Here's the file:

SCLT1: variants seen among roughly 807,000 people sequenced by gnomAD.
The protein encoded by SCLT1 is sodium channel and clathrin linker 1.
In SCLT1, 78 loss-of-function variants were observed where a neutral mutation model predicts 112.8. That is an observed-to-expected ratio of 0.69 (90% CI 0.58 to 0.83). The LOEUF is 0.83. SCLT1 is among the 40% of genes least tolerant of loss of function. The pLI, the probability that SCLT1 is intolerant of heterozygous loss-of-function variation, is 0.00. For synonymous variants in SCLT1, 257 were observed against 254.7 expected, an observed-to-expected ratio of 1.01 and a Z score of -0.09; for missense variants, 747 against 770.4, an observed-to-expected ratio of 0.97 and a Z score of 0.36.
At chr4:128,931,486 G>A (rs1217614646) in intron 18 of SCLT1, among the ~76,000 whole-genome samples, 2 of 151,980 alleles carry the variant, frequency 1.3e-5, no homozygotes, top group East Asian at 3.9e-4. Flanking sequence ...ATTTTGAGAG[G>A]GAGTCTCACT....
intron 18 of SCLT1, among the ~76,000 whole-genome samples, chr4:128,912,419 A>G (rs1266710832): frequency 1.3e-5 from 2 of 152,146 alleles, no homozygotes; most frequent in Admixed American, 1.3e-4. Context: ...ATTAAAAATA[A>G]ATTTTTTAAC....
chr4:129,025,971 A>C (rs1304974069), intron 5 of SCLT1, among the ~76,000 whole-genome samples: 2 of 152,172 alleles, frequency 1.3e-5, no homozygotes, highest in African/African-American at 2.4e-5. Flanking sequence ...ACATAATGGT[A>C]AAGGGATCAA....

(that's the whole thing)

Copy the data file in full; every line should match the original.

SCLT1: variants seen among roughly 807,000 people sequenced by gnomAD.
The protein encoded by SCLT1 is sodium channel and clathrin linker 1.
In SCLT1, 78 loss-of-function variants were observed where a neutral mutation model predicts 112.8. That is an observed-to-expected ratio of 0.69 (90% CI 0.58 to 0.83). The LOEUF is 0.83. SCLT1 is among the 40% of genes least tolerant of loss of function. The pLI, the probability that SCLT1 is intolerant of heterozygous loss-of-function variation, is 0.00. For synonymous variants in SCLT1, 257 were observed against 254.7 expected, an observed-to-expected ratio of 1.01 and a Z score of -0.09; for missense variants, 747 against 770.4, an observed-to-expected ratio of 0.97 and a Z score of 0.36.
At chr4:128,931,486 G>A (rs1217614646) in intron 18 of SCLT1, among the ~76,000 whole-genome samples, 2 of 151,980 alleles carry the variant, frequency 1.3e-5, no homozygotes, top group East Asian at 3.9e-4. Flanking sequence ...ATTTTGAGAG[G>A]GAGTCTCACT....
intron 18 of SCLT1, among the ~76,000 whole-genome samples, chr4:128,912,419 A>G (rs1266710832): frequency 1.3e-5 from 2 of 152,146 alleles, no homozygotes; most frequent in Admixed American, 1.3e-4. Context: ...ATTAAAAATA[A>G]ATTTTTTAAC....
chr4:129,025,971 A>C (rs1304974069), intron 5 of SCLT1, among the ~76,000 whole-genome samples: 2 of 152,172 alleles, frequency 1.3e-5, no homozygotes, highest in African/African-American at 2.4e-5. Flanking sequence ...ACATAATGGT[A>C]AAGGGATCAA....